Have strong feelings on copyright? Then make them heard!

UPDATE 2100

Minister Sherlock has had a change of heart and has said he'd be happy to see Simon McGarr on the panel tomorrow:

 

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13 Responses to “There’s Two Sides To Every Story – Minister Sean Sherlock Explains”

  1. From John Handelaar:

    Michele: “Earlier today Simon McGarr published a piece on Broadsheet.ie claiming that Minister Sean Sherlock had threatened to withdraw from the event tomorrow if Simon attended.”

    Sherlock: “I stated to Sean that I […] would not attend if he was on the podium.”

    Claimed and then confirmed in plain English, by the looks of it. I see no ‘other side of the story’ here, merely a mealy-mouthed acceptance that Simon was entirely correct.

    Posted on April 2, 2012 at 3:12 pm #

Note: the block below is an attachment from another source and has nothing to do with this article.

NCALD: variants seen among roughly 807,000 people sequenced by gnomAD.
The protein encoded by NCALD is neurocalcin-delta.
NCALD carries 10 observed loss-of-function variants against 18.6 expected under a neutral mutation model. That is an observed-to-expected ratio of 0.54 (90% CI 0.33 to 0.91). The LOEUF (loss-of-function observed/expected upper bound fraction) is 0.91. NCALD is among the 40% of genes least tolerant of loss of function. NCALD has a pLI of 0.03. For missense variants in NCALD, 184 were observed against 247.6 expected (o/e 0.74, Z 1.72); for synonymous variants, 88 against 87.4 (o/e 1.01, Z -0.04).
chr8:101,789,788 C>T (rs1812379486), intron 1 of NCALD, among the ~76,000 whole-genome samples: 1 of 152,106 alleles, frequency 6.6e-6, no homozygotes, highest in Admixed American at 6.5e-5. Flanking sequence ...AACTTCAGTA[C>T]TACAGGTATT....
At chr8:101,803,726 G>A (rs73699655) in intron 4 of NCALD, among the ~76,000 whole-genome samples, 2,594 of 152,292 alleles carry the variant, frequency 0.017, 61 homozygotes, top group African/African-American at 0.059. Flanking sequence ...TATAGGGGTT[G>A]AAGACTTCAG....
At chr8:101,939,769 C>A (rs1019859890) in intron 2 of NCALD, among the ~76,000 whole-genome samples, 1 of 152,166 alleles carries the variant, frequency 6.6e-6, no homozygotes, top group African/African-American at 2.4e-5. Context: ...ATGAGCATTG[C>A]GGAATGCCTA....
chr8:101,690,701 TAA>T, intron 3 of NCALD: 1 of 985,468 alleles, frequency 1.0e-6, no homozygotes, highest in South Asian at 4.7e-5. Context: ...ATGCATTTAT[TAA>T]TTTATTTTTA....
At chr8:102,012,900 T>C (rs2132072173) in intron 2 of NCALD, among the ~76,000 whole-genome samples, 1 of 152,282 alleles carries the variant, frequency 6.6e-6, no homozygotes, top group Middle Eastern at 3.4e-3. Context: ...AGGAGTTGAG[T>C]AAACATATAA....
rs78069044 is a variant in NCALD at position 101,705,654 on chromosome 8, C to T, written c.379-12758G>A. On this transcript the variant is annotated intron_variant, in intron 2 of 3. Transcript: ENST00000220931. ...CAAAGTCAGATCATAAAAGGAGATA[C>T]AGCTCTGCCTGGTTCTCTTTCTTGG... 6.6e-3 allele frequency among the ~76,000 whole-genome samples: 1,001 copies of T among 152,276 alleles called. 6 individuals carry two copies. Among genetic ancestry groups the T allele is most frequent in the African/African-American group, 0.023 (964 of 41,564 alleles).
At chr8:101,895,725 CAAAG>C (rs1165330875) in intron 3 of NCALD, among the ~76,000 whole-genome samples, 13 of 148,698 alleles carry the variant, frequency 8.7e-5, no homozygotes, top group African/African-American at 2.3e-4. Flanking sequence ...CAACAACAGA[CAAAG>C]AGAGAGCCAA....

2. From limey_tank:

    “I stated that I did not want to share a podium with someone who generated an online campaign that falsely compared the Statutory Instrument to the US SOPA legislation. ”

    I must say, that’s a very weak argument. The thrust of the Statutory Instrument was similar enough to SOPA in that we’re handing over control of public resources to private interests without consultation or debate. (This point is so much more important than niceties or semantics)

    Also, it’s a great debating point, Sherlock could have made McGarr look the fool if the SI really was so distinct from SOPA…

    Posted on April 2, 2012 at 3:38 pm #
  3. From Darwin:

    Why doesn’t Sherlock confront McGarr (since he’s never met him) and put this to rest — he can explain all the differences between SI and SOPA.